POLITICS

Nova Scotia legislation to combat cyberbullying to proceed unchanged

05/07/2012 04:44 EDT | Updated 07/07/2012 05:12 EDT
HALIFAX - A proposed bill to combat cyberbullying will proceed through the legislature without changes, Nova Scotia's education minister said Monday despite criticism that it should be strengthened.

Ramona Jennex said the intent of the bill tabled last month is to set the stage for future steps against cyberbullying.

"We're being very measured and methodical as we work through this because at the end we want to have a plan in place that actually affects the change we want to see, we don't want it to be patchwork," said Jennex.

Last week, a Nova Scotia woman whose teenage daughter committed suicide after being bullied made an emotional appearance before the legislature's law amendments committee, saying the bill "lacked meat."

Pam Murchison told the committee that the bill didn't do anything to stop the activities of bullies on the Internet.

Murchison said she wanted to see steps that would include consequences for bullies, whether that meant the loss of their Internet use or their computer.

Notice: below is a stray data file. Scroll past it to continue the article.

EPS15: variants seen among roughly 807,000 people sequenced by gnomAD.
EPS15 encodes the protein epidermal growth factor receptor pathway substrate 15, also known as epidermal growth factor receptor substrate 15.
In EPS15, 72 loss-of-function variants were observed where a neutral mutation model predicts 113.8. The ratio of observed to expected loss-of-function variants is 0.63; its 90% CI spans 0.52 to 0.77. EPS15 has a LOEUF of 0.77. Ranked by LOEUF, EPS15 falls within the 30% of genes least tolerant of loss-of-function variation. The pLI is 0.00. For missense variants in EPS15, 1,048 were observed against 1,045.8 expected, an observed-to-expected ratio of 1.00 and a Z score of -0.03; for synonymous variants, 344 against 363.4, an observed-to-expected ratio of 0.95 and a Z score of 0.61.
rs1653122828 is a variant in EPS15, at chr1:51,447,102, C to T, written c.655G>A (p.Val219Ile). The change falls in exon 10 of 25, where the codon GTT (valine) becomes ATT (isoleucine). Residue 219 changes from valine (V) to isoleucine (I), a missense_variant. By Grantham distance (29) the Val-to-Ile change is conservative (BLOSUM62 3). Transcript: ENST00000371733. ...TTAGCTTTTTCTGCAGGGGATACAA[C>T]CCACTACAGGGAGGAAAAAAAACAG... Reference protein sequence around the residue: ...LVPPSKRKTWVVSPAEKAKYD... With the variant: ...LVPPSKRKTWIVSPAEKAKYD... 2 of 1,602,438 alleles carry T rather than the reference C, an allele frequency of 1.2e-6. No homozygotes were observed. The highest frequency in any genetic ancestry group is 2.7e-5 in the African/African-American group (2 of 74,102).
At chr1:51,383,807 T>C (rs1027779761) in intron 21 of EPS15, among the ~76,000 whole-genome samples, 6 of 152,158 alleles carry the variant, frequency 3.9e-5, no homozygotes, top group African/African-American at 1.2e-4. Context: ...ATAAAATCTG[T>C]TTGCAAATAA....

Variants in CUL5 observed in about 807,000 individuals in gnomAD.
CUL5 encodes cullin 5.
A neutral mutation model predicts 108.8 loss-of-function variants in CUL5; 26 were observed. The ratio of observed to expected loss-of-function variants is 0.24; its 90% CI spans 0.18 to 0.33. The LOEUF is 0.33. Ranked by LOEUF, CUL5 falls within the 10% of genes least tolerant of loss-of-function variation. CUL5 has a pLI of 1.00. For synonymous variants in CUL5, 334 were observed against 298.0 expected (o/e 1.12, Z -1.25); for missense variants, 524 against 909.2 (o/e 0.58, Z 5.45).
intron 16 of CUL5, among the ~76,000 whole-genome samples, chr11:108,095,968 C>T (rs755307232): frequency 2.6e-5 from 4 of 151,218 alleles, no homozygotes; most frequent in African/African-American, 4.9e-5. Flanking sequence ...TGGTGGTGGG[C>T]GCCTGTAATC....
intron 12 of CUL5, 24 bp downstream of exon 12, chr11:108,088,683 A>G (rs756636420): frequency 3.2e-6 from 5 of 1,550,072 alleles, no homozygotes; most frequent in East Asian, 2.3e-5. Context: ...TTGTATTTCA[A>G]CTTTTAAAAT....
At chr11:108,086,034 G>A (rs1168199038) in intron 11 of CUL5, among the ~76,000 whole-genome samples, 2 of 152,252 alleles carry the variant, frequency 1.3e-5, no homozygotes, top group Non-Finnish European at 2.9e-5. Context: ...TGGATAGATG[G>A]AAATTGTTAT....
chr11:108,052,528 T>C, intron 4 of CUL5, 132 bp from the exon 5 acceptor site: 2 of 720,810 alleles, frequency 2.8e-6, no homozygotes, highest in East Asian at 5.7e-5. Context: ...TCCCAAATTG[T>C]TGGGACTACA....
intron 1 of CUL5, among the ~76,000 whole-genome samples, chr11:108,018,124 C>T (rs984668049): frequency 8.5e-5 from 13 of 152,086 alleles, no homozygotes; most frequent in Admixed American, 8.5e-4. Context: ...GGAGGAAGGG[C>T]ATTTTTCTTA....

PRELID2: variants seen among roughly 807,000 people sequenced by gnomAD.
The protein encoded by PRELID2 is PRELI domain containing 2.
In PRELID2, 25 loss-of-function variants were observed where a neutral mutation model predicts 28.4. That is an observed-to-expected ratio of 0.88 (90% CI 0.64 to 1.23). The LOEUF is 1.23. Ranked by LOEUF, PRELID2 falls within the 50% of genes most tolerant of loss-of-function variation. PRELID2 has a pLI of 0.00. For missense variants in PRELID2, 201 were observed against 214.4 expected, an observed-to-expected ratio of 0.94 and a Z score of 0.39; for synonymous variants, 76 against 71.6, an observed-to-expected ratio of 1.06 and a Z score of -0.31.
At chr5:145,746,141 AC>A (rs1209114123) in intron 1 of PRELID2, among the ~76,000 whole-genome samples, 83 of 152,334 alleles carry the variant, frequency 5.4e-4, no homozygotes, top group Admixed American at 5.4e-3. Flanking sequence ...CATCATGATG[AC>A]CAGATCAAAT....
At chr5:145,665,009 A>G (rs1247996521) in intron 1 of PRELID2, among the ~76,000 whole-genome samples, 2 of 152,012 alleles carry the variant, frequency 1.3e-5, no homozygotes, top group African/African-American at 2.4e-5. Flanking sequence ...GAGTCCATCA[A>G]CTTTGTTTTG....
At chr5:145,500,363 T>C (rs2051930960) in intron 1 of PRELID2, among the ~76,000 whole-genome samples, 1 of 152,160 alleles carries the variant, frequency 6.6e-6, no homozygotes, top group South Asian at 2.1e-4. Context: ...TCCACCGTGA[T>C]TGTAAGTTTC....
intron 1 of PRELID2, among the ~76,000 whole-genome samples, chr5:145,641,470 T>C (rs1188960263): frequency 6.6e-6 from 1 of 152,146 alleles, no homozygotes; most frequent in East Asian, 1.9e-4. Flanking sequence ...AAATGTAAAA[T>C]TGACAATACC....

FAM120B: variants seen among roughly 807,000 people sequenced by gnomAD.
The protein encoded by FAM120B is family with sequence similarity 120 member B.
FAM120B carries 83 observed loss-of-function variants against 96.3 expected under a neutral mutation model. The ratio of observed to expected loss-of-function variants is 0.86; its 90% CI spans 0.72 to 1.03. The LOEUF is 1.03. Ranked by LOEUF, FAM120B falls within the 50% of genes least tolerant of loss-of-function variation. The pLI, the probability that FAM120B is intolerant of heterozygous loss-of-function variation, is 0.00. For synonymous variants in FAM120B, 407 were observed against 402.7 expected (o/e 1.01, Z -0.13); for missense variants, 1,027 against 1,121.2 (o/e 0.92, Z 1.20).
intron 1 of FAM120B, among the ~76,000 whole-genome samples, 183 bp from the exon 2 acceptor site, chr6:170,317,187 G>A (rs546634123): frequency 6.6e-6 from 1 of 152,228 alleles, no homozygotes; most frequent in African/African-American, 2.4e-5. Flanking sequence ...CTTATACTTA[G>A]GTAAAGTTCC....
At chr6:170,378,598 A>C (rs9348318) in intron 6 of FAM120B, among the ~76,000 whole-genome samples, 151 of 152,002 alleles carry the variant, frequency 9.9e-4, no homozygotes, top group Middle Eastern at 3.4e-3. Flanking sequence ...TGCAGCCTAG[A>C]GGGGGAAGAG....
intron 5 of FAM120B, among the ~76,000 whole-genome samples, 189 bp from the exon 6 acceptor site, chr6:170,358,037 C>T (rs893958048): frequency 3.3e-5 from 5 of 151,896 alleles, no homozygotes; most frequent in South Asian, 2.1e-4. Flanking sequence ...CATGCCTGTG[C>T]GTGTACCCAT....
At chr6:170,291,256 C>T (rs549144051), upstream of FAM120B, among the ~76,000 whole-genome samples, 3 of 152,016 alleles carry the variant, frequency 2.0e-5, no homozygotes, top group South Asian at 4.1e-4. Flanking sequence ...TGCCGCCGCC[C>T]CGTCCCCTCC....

The bill, which still has to pass third and final reading, establishes a government anti-bullying co-ordinator and requires schools to collect and monitor data before the government moves ahead with specific measures to deal with bullying.

The Opposition Liberals had proposed a series of changes, including a provision to require school boards to immediately notify Internet service and cellphone companies when bullying has occurred.

Liberal Leader Stephen McNeil expressed disappointment that his party's suggestions were ignored.

"Tracking in the long term is fine, but you need to deal with the issue today," said McNeil.

Progressive Conservative Leader Jamie Baillie said the government has missed an opportunity to take a strong stance against online bullying.

"The government is going to persist in passing a pretty meaningless piece of legislation that does nothing to end instances of bullying and cyberbullying," he said.

The Tories have tabled legislation that would define cyberbullying in law and allow a series of fines to be levied. It would also hold parents liable if they know their child is involved in online bullying and they don't try to prevent it.

Jennex said she expects to bring forward more concrete steps in a legislative package targeted for this fall.